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MLK Day of Service moves to home version

Despite the obstacles, dedicated members of Flossmoor’s Community Relations Commission weren’t willing to give up on a program that has become a centerpiece of neighborhood generosity.

This year’s “Dr. Martin Luther King, Jr. Day of Service: At-Home Edition” provides community members with a month’s worth of volunteer activities they can do alone or with their COVID “bubble.”

Despite the obstacles, dedicated members of Flossmoor’s Community Relations Commission weren’t willing to give up on a program that has become a centerpiece of neighborhood generosity.

This year’s “Dr. Martin Luther King, Jr. Day of Service: At-Home Edition” provides community members with a month’s worth of volunteer activities they can do alone or with their COVID “bubble.”

In previous years, the event capitalized on the Monday holiday observing King’s birthday, which many people have off work, by asking community members to volunteer in large group projects.

“Certainly we’re missing that connectivity this year, but it was so important to the members of the Community Relations Commission, the village staff, the board of trustees and the mayor that something happen this year — no matter what,” said Flossmoor spokeswoman Amy Kent. 

“It’s an opportunity to give back to the community in a way that we’ve done year after year.”

Instead of gathering together at village hall and other sites on MLK Day itself, the Flossmoor CRC reimagined this year’s Day of Service as a monthlong slate of volunteer and donation opportunities. 

Here’s a sampling of activities:

  • Make lunches for PADS clients.
  • Collect books and food items for the Jones Center in Chicago Heights.
  • Make DIY bundles for Respond Now, South Suburban Family Shelter.
  • Give blood at the Irwin Center.
  • Make cards for people in nursing homes.
  • Collect supplies for South Suburban Humane Society.
  • Make tie blankets for people with cancer.

A detailed list of activities and how to participate is available at the village website.

CRC member Jackie Riffice, a 32-year Flossmoor resident, said the pandemic forced commission members to brainstorm new, COVID-safe ways to honor MLK Day. 

They considered how the needs of nonprofit organizations have changed in the past year, along with what activities would make volunteers feel both effective and protected.

“We wanted to make sure that the intent of the Day of Service was still honored in the way MLK wanted it to be,” Riffice said. “We also had to figure out how we could have the community make contributions without spreading COVID everywhere.”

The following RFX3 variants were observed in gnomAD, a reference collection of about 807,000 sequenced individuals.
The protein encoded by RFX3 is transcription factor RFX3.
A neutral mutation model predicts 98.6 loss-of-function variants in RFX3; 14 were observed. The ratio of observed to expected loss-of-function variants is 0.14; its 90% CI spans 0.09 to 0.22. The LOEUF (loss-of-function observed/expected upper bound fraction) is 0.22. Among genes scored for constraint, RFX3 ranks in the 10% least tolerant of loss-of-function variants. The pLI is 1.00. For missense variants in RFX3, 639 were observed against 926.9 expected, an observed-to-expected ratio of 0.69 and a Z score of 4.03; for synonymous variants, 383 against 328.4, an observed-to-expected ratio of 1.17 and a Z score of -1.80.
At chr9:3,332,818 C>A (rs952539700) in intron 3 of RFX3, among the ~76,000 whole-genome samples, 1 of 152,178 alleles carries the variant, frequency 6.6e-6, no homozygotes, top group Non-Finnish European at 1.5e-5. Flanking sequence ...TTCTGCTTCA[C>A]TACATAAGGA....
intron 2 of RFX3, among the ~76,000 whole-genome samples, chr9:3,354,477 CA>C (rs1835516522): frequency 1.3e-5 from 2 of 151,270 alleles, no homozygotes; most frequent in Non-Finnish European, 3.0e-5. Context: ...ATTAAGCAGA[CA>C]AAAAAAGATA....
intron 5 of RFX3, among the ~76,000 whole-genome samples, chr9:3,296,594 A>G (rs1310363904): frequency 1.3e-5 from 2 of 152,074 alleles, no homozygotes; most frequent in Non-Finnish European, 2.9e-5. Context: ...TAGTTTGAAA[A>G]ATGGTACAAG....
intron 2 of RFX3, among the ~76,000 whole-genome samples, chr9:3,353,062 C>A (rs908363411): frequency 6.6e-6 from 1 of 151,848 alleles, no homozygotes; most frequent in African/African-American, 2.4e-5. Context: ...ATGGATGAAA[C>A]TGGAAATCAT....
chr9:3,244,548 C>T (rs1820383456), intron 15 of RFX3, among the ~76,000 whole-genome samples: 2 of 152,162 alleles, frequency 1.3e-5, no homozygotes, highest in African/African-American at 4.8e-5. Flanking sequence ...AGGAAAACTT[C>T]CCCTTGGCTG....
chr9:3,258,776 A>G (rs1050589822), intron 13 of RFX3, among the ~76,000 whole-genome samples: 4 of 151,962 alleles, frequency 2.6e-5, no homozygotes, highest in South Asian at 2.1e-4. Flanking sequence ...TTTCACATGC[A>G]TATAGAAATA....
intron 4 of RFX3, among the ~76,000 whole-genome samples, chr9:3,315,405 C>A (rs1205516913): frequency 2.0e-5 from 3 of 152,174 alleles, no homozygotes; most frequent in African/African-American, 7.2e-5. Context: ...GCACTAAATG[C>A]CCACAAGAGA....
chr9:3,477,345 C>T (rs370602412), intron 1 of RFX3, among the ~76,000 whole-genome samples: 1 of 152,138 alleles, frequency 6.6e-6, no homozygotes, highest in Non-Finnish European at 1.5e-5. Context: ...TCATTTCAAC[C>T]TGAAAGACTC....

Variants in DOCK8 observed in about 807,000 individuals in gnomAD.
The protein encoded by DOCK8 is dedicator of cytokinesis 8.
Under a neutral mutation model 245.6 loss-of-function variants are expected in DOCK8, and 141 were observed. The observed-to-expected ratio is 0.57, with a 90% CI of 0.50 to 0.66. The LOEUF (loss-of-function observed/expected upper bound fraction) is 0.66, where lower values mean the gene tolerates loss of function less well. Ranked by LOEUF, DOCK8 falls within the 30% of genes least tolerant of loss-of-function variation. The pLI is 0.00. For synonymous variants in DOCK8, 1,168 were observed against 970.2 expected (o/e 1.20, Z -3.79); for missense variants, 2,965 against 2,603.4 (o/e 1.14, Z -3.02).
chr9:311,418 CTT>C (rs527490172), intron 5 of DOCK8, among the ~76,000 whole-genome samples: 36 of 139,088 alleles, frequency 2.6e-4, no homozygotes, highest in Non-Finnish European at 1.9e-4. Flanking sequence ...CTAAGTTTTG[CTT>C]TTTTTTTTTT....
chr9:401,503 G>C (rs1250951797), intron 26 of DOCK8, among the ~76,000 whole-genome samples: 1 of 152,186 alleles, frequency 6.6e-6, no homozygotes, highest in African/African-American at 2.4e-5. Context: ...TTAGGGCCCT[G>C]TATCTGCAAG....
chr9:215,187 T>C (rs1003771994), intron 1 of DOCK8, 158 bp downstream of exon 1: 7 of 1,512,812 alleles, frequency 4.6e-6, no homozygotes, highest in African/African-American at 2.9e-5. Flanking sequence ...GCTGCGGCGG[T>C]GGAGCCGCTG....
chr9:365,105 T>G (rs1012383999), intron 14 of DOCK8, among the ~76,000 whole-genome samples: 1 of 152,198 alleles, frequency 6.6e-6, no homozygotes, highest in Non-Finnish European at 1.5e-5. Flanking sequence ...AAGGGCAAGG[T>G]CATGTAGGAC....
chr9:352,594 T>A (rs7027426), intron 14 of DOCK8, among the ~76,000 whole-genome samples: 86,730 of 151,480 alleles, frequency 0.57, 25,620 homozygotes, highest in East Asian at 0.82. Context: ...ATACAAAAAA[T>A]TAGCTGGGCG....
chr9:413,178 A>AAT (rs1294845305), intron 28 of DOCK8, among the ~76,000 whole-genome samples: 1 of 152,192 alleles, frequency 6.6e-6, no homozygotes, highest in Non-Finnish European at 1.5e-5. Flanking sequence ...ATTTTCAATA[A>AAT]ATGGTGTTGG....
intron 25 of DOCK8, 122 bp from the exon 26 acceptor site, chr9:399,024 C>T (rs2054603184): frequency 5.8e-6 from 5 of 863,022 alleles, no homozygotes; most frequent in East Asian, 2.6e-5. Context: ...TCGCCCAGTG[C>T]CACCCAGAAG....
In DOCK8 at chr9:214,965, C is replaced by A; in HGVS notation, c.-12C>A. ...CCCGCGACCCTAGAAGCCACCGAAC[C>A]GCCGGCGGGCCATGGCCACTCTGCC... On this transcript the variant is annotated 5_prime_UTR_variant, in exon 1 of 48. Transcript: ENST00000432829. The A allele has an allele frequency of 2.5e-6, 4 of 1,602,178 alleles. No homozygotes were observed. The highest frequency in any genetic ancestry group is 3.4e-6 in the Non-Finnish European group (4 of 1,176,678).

The village partners with a number of organizations and businesses each year to make the MLK Day of Service a success. In addition to those already mentioned, this year’s partners include You Matter 2, Omega Psi Phi Fraternity Inc. Chi Lambda Lambda, Plan 4 Success, The Bridge Teen Center and Sand Ridge Nature Center.

In offering up their projects, the nonprofits each relate the intention of their project with the legacy of King.

One volunteer opportunity, Kent said, is to act as the point person for neighborhood donations. A person or family could tell their immediate neighbors what they’re collecting, act as a drop-off point, and then bring the donations to the designated site at the end of the month.

Kent also offered a reminder that the organizations involved in the MLK Day of Service operate year-round. So while they have pinpointed projects for Flossmoor’s January event, these nonprofits always need donations and volunteers.

The MLK Day of Service also provides an outlet for H-F community members who miss volunteering and actively improving the lives of their neighbors, Riffice said.

“What we’ve discovered throughout pandemic and through the holidays, especially, is that people really want to help out somewhere,” she said.

“This event lets people know that even in the time of a pandemic, we can still make a difference. It’s not necessarily in a big Broadway kind of way, but we can still do it.”

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